The writing prompt from NANO fiction is: Write an essay, flash fiction piece, or prose poem of under 300 words about a person not many people know who is famous for one specific thing.
It was starting to smell, a faint but troubling brownish odor that was no doubt leaking out from within Jared's dirty jeans. Mark held resolutely still anyway, burying his face into the grass and breathing in the comfortably natural smell of dirt. In his mind he could feel his wrists spinning and his thighs aching as he tensed and jumped, over and over and over...
Eventually Jared got bored and stood up, lifting himself off of the back of Mark's head. Mark scrambled to his feet at once, taking a disoriented step or two as he tried to regain his balance. It was more than his balance that was off; he caught himself right before he was about to make a small hop in the air. Stop that, he chided himself - but with a smile - and got ready to run. He knew better than to struggle once caught, but once he was free? Getting ready to flee was just common sense.
Jared had no interest in further torments though; perhaps Mr. Offsprung's lackadaisical gaze had drawn too close for comfort. "You're still a loser," Jared said, backing away. He kicked the paperback book on the ground, and the cover half-ripped. "No one in class likes you. You'll always just be a dumb stupid loser."
Mark said nothing. He waited until Jared had tromped away. Then he sighed and went to pick up his book. The library wouldn't like this, he thought sadly as he examined the tear, one that split the silhouette of the detective into two. In his mind he remembered the feel of the rope catching against his ankle. A hundred stumbles and falls from the past happened all at once.
He shrugged and checked his watch. There were only ten minutes left in recess, six hundred seconds for him to dive back into his book, six hundred thousand milliseconds until it was time to line back up and march back into his third grade class.
Mark smiled and began to twirl his wrists once more. "What do you mean, 'only'?" he said out loud. There were still ten minutes left, and even if he was a loser now - and he was pretty sure he was; why deny the obvious? - there were still months, weeks, days in which to get better! He thought he could. He knew he could. After all, who had been named 'Most Improved at Jump Rope' three years ago? It certainly hadn't been Jared!
And so with a smile, Mark plopped himself down on the ground, found his page (147) and continued to read.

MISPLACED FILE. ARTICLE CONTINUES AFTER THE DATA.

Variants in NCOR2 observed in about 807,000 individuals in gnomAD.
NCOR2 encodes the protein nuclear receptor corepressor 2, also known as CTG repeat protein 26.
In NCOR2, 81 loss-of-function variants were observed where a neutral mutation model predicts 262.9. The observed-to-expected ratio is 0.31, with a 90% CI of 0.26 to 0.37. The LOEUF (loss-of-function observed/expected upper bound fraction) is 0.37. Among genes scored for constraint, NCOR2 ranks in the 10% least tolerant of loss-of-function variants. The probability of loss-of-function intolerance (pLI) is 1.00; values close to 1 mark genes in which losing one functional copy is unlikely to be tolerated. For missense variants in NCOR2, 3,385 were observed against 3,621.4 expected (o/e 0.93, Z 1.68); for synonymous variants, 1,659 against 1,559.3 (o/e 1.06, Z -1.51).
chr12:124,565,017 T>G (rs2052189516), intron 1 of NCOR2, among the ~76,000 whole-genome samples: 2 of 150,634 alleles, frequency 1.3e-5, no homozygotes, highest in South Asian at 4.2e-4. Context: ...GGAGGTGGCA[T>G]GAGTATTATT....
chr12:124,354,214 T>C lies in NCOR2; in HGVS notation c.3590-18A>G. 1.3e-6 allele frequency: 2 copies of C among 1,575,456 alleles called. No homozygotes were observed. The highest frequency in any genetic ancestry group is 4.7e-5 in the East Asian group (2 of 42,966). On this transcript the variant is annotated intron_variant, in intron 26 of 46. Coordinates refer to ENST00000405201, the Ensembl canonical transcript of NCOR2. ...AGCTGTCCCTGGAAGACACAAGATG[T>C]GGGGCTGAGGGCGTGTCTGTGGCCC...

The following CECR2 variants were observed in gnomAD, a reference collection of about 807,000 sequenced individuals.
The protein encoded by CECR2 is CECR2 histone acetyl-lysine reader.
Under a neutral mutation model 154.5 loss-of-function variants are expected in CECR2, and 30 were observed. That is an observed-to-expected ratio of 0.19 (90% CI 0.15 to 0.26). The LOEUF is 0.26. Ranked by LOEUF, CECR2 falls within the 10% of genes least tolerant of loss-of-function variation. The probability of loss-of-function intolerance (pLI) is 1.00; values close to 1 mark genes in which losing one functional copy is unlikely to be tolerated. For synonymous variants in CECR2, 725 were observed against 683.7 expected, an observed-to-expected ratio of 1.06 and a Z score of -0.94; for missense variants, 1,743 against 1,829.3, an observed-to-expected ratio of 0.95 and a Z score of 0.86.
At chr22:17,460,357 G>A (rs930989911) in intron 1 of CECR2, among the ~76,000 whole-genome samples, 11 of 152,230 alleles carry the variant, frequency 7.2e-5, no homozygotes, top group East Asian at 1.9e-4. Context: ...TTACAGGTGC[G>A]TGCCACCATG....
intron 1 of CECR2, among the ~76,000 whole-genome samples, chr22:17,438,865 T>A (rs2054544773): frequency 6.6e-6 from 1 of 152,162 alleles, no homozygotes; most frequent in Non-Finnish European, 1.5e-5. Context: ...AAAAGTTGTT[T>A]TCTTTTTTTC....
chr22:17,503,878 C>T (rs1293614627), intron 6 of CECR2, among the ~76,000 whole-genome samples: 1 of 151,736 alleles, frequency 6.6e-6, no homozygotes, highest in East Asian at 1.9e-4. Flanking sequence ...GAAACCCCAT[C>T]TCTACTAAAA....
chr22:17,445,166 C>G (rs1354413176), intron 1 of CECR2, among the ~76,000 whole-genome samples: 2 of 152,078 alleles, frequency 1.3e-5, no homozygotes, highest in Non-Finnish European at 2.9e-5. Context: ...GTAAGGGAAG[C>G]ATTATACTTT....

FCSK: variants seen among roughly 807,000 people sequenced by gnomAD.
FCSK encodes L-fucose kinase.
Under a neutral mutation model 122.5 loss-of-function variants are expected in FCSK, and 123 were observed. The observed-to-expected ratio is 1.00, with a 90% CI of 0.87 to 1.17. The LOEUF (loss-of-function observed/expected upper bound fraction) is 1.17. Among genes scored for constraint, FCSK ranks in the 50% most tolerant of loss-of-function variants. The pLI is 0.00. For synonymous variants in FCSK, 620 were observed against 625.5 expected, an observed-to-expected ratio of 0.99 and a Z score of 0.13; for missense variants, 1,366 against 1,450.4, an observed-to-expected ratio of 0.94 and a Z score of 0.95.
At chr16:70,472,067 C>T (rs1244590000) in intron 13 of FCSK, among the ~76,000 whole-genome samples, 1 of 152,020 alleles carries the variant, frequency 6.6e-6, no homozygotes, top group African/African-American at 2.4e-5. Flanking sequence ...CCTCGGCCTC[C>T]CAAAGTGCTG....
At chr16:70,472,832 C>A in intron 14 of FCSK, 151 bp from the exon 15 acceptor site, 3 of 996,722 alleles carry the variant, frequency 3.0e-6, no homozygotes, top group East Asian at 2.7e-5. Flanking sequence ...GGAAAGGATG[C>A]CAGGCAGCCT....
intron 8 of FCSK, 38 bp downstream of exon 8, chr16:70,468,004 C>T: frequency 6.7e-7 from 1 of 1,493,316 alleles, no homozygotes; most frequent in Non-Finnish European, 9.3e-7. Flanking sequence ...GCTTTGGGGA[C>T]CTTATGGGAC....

Okay, I cheated - but in my defense, thirty minutes isn't a lot of time to think of a person who's "just famous enough" while also figuring out a story about that person. So instead I came up with one specific thing that I'm proud of accomplishing that nearly no one knows about: being named the Most Improved Jump Roper all the way back in kindergarten.
This is completely serious, by the way. I sucked at jumping rope as a six year old, and I remember working really, really, really hard to get better. And when my efforts were recognized... wow! Pow! Sometimes trying really hard really is enough! Really!
The rest of this story comes from a conscious effort to write something a bit more uplifting. I think there's a common mistake made by novice writers like me, and that's to believe that 'depressing' equates to 'adult' and 'hopeful' equates to 'childish'. That's simply not true.
A few more notes
- I started this story knowing that I wanted to tie in Mark's memory of his jump roping award with his optimism that life will get better. The first draft of the story had no reference to his award; that started to get layered in during the second draft, which is what you see above.
- Subsequent drafts would have tried to integrate his memory with his current situation a bit more seamlessly. They would have also tried to deepen his interior feelings somewhat and maybe add a bit of self-conflict. Right now, Mark comes off as unnervingly blasé.
- I wasn't really bullied all that much in school. In fact, for a few glorious months, I got much of my small third grade class hooked on Agatha Christie novels.